9. Yep Alex and Lindsay – choice is definitely the way to go. Lindsay interesting point about name butchering. I am sure there are some cases like that which would result in a decision to change it I guess. My point was that I think its important to try to at least find out that students are comfortable with the names that are being used, if they are the changed version, and have not just followed suit because this is the way things are done. The discussion in itself is interesting input in the getting to know you phase of the course! Plus all of use are capable of mastering a reasonable approximation of the pronunciation of a set of names if the will is there. If a student insists they want to be referred to by an English name (in my case, I had a Chinese student who wanted to be “Jelly”, I don’t argue) – that’s each person’s right.

  10. This is only relevant for mixed nationality groups, but a nice way to start a new class can be to write your name up on the board – explain who gave you the name and why, nicknames you’ve had, along with anything else that seems relevant to your name. And then hand the pen to a student and invite them to do the same. As the pen gets passed around, there are sometimes ‘aha’ moments as a Japanese students write up their name and the kanji characters are recognised by Korean or Chinese classmates, while I and fellow European students watch in amazement. And then hopefully someone from say Argentina steps up and explains their multiple surnames, and the wonder carries on. Only a rose could smell as sweet…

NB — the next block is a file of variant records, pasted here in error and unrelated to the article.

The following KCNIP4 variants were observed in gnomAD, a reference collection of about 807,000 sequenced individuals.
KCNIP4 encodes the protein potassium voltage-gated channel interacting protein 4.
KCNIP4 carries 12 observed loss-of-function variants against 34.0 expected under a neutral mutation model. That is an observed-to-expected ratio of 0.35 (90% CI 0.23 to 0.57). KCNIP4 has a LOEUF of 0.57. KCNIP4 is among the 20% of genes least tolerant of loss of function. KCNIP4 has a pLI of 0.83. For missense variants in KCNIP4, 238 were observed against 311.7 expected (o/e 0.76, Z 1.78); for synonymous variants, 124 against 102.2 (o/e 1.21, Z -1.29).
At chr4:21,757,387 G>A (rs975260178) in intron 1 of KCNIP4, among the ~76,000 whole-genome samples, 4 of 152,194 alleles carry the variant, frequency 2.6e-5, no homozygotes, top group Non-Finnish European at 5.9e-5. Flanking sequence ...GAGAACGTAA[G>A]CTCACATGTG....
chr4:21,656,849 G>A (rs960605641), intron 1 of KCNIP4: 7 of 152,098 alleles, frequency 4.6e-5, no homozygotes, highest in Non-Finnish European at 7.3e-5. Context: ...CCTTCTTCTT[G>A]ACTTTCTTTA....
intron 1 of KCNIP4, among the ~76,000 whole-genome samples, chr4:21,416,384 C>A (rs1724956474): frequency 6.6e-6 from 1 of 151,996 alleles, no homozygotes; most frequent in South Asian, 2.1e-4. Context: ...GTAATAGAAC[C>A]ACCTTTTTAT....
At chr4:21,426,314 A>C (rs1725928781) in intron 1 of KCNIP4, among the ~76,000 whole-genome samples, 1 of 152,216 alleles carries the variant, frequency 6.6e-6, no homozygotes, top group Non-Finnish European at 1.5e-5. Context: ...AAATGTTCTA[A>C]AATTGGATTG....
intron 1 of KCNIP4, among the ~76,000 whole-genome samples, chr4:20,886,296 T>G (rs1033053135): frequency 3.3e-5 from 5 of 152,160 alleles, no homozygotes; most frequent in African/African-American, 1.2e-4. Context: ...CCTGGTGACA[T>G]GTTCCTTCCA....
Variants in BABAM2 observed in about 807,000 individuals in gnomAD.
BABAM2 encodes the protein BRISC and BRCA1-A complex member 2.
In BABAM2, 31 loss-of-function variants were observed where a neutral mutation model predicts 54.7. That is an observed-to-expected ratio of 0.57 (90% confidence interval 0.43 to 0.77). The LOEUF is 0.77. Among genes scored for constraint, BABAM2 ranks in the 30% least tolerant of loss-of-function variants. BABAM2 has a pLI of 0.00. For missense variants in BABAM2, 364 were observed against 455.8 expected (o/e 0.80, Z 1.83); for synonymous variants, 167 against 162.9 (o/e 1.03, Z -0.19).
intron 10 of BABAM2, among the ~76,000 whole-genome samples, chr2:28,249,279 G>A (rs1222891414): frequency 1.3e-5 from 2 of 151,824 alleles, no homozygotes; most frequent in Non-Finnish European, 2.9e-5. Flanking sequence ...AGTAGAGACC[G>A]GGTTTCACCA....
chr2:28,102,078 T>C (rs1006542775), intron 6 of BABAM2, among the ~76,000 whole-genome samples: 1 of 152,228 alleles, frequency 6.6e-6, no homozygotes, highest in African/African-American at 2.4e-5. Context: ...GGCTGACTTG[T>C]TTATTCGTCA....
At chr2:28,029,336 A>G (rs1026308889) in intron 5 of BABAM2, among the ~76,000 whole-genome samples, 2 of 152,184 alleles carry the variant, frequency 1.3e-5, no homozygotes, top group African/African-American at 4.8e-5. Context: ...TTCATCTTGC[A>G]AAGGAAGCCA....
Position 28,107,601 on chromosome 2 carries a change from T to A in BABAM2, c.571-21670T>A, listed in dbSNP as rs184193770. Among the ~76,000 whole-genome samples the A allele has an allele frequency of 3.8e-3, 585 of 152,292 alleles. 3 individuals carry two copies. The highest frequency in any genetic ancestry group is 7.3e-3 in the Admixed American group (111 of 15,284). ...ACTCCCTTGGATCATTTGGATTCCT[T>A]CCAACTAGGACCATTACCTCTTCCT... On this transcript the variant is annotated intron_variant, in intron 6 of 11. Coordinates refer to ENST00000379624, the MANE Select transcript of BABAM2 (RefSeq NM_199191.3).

11. I go over rosters after leaving a class and call their faces to mind as I look at their names. I do this before the next class. A few days of this and it’s done.